When the Wrong Thing Goes Viral
I wake up with the sun. So the past few days, I wake up a little before 6, go back to sleep for an hour and wake up at 8 to watch Good Morning America. This morning while I watched the news I started working on my long list of resources I’m compiling for people interested in doing something in support of black lives matter. In an attempt to stay awake I started checking social medias and I saw a lot of posts on instagram of people posting black screens. Many were tagged with the blacklivesmatter hashtag. I knew that a few things were going around last night, like the music industry having a blackout day to refrain from posting/promoting artists to help amplify black voices and make action plans. I also know that the black lives matter hashtag is often used for resources and sharing important information, so I sent my friends a text that they should change the hashtag. When I told my friends they should change it, I started to explain that the “blackout day” is supposed to boost voices that are suppressed, and it occurred to me that a lot of people sharing black screens might not help that. But I wasn’t very awake so I just rolled with it.
I got up, ate my breakfast and worked on homework for a good hour and got back on instagram. My feed, like yours, was flooded with black screens and the black lives matter tag. Now it really didn’t make sense to me. If the purpose of this “blackout” was to boost the voices that have gone unheard for so long, how was this achieving that? I sat and watched as it continued and I was so surprised at the amount of people I knew who did not realize that this was defeating the purpose of the cause.
I talked to my friend and mentor, Chikondi, who has been collecting food and medical supplies for protests in DC. I asked her if instead of sharing a black screen, or posting to my story hoping people will reconsider their black square posts, I can share her and what she’s been doing. I did, and I still watched for hours as more and more people shared black squares.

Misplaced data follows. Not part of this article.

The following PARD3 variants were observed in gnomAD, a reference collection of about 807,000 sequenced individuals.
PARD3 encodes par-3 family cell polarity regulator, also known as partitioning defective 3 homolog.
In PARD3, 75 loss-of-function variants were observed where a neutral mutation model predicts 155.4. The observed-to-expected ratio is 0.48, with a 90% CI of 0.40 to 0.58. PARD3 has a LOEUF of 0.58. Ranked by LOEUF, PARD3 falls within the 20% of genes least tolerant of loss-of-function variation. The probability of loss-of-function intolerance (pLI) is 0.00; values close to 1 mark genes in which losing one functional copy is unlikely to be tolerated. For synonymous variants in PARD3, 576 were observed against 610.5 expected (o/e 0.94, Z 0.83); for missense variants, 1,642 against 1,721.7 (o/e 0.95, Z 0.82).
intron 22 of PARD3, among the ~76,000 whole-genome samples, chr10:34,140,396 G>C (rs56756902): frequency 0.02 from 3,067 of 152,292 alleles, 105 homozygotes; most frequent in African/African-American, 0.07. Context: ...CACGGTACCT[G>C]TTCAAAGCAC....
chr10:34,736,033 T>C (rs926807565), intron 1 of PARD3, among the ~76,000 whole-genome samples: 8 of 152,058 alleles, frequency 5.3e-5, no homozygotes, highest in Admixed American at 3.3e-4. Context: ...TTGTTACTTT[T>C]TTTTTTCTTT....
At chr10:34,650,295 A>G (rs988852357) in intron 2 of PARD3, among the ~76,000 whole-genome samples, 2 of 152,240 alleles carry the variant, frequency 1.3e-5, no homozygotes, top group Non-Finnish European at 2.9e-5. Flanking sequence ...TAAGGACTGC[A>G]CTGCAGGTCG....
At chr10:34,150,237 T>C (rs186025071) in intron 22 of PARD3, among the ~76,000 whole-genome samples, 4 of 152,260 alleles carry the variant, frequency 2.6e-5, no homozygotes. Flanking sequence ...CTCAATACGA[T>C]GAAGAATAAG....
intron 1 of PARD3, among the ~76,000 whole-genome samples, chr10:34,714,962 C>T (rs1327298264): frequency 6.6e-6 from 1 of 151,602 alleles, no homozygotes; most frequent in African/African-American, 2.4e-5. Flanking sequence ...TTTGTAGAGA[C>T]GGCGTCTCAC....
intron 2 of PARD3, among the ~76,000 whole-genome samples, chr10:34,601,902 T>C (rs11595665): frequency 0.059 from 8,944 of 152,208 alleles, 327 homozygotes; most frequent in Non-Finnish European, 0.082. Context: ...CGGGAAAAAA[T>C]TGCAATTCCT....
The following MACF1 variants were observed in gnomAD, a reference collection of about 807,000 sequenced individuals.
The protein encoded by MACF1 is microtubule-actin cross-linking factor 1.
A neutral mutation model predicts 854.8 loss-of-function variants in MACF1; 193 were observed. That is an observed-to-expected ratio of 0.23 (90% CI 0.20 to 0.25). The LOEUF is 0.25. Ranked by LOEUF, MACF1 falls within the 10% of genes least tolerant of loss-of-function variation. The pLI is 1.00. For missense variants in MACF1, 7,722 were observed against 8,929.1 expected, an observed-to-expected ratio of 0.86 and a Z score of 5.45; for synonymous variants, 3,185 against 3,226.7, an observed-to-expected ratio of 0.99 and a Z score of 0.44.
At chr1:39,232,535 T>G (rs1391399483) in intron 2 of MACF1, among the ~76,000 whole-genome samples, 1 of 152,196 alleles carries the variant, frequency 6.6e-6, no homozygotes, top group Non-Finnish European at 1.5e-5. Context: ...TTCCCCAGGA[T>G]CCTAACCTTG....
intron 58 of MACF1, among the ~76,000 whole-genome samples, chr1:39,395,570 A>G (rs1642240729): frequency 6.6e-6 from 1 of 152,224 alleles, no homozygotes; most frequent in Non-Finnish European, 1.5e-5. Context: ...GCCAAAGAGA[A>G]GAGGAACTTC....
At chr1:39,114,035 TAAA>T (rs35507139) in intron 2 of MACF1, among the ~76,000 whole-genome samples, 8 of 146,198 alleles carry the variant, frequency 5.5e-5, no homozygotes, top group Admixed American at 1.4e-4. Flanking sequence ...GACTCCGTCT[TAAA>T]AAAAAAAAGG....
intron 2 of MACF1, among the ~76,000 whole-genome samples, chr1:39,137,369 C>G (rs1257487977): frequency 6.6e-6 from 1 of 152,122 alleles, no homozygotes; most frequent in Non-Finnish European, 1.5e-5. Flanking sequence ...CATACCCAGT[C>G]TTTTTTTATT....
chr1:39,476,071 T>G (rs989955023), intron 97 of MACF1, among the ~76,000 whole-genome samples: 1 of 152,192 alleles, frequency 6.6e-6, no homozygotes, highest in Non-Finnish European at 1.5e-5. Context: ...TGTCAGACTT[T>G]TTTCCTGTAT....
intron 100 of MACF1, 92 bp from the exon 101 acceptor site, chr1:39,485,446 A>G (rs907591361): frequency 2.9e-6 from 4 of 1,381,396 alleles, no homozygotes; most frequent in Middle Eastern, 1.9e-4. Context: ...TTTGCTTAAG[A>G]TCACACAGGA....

Later in the afternoon, the chaos started to die down and it occurred to me that this must be one of those things people are talking about when they say social media can be bad. Like yesterday, everyone was so sure there was a blackout in Washington D.C, but it never happened. People are just trying to spread information and something that wasn’t factual slipped through and went around. I realized that people were logging on to their social media and posting a black square because they saw that everyone else was also doing so. I’m not even sure if anyone knew what the original purpose was.
Honestly, I’m not certain of the purpose or how all of this blew up. I know the music industry started discussing “blackout tuesday” and this whole week to make plans for action and help important voices be heard. And I know that there was a photo going around asking people to participate in “blackout tuesday” by not posting on social media. But somehow, someone decided that to spread the word about this moment we were supposed to use to silence ourselves, we needed to post about it.
I know the intentions were sincere. I know that many people probably saw the black pictures and thought, “wow, this is a super easy way to be supportive!” so they did it too. I know everyone is on edge and wants to do something to make themselves feel better. This whole day left me with an uneasy feeling about how many people exercised performative activism, and how many people decided that they were going to do their part because it had suddenly become trendy to do so.
Instead of posting a black square, I encourage you to find someone’s voice who needs a boost. There are so many people, like my friend Chikondi, doing great work doing such a difficult time. There are petitions on the internet you can sign that take less than 2 minutes. Find someone that moves you and use the platform you know you have to tell others how great they are.
And thank you to Vic and Caitlin for listening to me be angry